One place where Quatros Origins is a little lacking is in gameplay explanations.

This is understandable, since everyone and the ghostly specters of their triple-great-grandparents have played Tetris, but there are a few quirks in the game that could use some clarification. For example, there are occasionally colored blocks within the shapes, but I'm not clear on their purpose. Presumably, there's some sort of point bonus involved with them? But I'm not about to take my eyes away from the falling shapes to figure that out. It's not a big thing, and it doesn't really affect my enjoyment of the game, but it was something that made me squint at my computer screen like Fry.

(At this point, I should note that I played an advanced copy of Quatros Origins, and it’s possible some changes will be made before the release! I was going to write a bit complaining about how the game doesn’t tell you what the keyboard controls are, but between the time I started writing this review and the time I’m writing this sentence, God As A Cucumber made an update to add a control configuration screen. So if this goes up and the game has recently been turned into an FPS, I take no responsibility for the accuracy of this review.)

Overall, Quatros Origins is just a really solid game. It doesn’t reinvent the wheel, but it does give the wheel a shiny new coat of paint and puts on some treads so the wheel can go to more exciting places.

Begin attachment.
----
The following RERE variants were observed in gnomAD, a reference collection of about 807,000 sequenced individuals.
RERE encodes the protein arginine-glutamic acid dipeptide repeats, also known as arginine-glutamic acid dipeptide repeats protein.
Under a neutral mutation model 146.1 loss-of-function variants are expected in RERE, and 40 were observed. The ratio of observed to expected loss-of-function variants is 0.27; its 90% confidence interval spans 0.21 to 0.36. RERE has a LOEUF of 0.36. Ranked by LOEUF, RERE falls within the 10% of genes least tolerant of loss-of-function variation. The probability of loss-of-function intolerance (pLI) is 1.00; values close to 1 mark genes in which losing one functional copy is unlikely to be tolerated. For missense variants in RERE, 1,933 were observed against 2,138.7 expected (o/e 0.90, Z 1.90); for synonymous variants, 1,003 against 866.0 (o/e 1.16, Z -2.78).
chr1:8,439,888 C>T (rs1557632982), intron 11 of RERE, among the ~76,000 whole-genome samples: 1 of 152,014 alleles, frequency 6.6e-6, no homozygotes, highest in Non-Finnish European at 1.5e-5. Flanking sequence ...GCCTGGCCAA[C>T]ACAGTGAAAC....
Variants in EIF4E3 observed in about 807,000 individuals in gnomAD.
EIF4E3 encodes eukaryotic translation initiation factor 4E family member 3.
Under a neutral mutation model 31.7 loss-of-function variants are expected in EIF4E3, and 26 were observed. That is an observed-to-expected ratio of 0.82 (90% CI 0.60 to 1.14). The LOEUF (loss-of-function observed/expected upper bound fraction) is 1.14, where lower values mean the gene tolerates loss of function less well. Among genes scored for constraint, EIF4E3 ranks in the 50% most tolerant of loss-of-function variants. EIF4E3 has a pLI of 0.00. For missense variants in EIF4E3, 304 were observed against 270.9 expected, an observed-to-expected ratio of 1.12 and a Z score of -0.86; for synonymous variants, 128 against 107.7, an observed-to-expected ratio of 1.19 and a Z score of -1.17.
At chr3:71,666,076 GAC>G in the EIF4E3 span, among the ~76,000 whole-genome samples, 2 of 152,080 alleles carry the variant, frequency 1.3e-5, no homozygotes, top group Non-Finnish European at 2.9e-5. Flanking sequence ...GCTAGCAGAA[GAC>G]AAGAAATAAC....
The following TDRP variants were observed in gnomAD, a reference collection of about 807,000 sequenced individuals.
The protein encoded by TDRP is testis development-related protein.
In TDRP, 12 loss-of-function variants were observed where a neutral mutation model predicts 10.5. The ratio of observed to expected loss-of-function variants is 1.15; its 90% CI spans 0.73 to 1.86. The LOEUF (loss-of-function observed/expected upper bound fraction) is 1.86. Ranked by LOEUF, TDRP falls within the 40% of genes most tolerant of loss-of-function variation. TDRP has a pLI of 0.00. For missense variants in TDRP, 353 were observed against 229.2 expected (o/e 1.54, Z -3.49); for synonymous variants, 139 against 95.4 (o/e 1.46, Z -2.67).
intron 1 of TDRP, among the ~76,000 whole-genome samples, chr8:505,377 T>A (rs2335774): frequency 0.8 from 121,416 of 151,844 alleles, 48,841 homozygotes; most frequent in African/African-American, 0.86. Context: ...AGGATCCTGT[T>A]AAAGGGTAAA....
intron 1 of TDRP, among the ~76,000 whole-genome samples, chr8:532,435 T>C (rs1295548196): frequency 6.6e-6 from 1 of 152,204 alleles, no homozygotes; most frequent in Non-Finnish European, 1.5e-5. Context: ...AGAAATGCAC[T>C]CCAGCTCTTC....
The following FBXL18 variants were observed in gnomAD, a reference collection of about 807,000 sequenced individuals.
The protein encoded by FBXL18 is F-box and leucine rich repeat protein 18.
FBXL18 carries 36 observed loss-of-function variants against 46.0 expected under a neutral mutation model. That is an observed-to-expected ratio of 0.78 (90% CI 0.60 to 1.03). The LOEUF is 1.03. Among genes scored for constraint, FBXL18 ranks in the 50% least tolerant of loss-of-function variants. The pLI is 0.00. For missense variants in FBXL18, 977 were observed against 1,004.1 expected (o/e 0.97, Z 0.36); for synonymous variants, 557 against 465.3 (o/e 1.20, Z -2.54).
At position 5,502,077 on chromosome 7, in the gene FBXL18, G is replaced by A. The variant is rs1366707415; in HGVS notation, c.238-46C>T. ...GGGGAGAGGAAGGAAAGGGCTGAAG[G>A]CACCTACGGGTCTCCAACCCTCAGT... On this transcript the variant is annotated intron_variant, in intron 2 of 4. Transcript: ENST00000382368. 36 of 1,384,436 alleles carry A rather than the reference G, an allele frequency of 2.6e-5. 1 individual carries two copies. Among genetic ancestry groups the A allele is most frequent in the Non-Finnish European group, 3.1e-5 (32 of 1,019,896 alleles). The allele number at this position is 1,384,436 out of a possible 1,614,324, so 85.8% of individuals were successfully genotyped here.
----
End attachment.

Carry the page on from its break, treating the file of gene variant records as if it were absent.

8

The Verdict

Pure puzzle games aren’t the flashiest titles around, but they inhabit an important place in the gaming pantheon: they focus your thoughts while passing the time, whether you need a distraction from waiting for your frozen pizza to cook or from the ever-depressing news of the world. If you’ve enjoyed the time you’ve spent throughout your life rotating little pieces around and fitting them together, you’ll really like the chance to do it again on a larger scale in Quatros Origins.

Samantha Bister

Samantha Bister is a writer and editor from Wisconsin. Her earliest gaming memories are of playing The Legend of Zelda: A Link to the Past with her mom, who did the boring stuff like collecting heart pieces while Sam beat the bosses. In addition to games, she also enjoys reading, making fun of terrible movies, and watching videos of cats and dogs running into things or falling over.

Related items

  • Empathy: Path of Whispers

    Empathy: Path of Whispers is an atmospheric and story-driven adventure game where you explore a seemingly abandoned world through the emotions and memories of the people who once inhabited it, trying to restore the world’s lost balance by journeying through its past.

  • Old Man's Journey Review